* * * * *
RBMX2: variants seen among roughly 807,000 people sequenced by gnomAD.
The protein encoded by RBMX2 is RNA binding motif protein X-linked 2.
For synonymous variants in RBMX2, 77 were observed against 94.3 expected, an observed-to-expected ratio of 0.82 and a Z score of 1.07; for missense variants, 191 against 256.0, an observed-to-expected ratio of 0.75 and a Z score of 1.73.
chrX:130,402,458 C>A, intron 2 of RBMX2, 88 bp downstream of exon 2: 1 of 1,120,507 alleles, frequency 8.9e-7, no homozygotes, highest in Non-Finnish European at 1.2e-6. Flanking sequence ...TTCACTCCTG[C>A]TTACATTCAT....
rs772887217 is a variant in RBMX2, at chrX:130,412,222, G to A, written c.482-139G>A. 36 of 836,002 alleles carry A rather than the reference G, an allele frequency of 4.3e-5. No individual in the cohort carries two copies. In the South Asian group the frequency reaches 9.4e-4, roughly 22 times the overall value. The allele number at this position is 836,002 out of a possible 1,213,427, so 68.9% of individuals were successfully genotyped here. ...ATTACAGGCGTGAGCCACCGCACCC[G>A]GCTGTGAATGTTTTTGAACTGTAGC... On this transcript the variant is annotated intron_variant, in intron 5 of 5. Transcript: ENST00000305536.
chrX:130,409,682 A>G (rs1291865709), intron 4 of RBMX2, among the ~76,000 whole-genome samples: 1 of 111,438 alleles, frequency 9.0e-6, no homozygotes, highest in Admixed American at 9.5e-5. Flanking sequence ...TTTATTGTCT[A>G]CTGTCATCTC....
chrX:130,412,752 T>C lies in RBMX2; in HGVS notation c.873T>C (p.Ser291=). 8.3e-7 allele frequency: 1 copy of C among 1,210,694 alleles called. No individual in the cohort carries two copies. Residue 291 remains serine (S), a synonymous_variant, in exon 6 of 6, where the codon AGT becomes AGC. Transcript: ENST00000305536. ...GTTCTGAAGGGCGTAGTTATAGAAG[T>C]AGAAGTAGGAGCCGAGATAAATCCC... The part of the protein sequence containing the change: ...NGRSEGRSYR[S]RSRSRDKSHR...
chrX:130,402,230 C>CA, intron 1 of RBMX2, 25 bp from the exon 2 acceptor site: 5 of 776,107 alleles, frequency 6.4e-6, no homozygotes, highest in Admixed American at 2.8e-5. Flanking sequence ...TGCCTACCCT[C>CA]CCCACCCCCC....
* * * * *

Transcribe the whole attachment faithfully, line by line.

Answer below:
RBMX2: variants seen among roughly 807,000 people sequenced by gnomAD.
The protein encoded by RBMX2 is RNA binding motif protein X-linked 2.
For synonymous variants in RBMX2, 77 were observed against 94.3 expected, an observed-to-expected ratio of 0.82 and a Z score of 1.07; for missense variants, 191 against 256.0, an observed-to-expected ratio of 0.75 and a Z score of 1.73.
chrX:130,402,458 C>A, intron 2 of RBMX2, 88 bp downstream of exon 2: 1 of 1,120,507 alleles, frequency 8.9e-7, no homozygotes, highest in Non-Finnish European at 1.2e-6. Flanking sequence ...TTCACTCCTG[C>A]TTACATTCAT....
rs772887217 is a variant in RBMX2, at chrX:130,412,222, G to A, written c.482-139G>A. 36 of 836,002 alleles carry A rather than the reference G, an allele frequency of 4.3e-5. No individual in the cohort carries two copies. In the South Asian group the frequency reaches 9.4e-4, roughly 22 times the overall value. The allele number at this position is 836,002 out of a possible 1,213,427, so 68.9% of individuals were successfully genotyped here. ...ATTACAGGCGTGAGCCACCGCACCC[G>A]GCTGTGAATGTTTTTGAACTGTAGC... On this transcript the variant is annotated intron_variant, in intron 5 of 5. Transcript: ENST00000305536.
chrX:130,409,682 A>G (rs1291865709), intron 4 of RBMX2, among the ~76,000 whole-genome samples: 1 of 111,438 alleles, frequency 9.0e-6, no homozygotes, highest in Admixed American at 9.5e-5. Flanking sequence ...TTTATTGTCT[A>G]CTGTCATCTC....
chrX:130,412,752 T>C lies in RBMX2; in HGVS notation c.873T>C (p.Ser291=). 8.3e-7 allele frequency: 1 copy of C among 1,210,694 alleles called. No individual in the cohort carries two copies. Residue 291 remains serine (S), a synonymous_variant, in exon 6 of 6, where the codon AGT becomes AGC. Transcript: ENST00000305536. ...GTTCTGAAGGGCGTAGTTATAGAAG[T>C]AGAAGTAGGAGCCGAGATAAATCCC... The part of the protein sequence containing the change: ...NGRSEGRSYR[S]RSRSRDKSHR...
chrX:130,402,230 C>CA, intron 1 of RBMX2, 25 bp from the exon 2 acceptor site: 5 of 776,107 alleles, frequency 6.4e-6, no homozygotes, highest in Admixed American at 2.8e-5. Flanking sequence ...TGCCTACCCT[C>CA]CCCACCCCCC....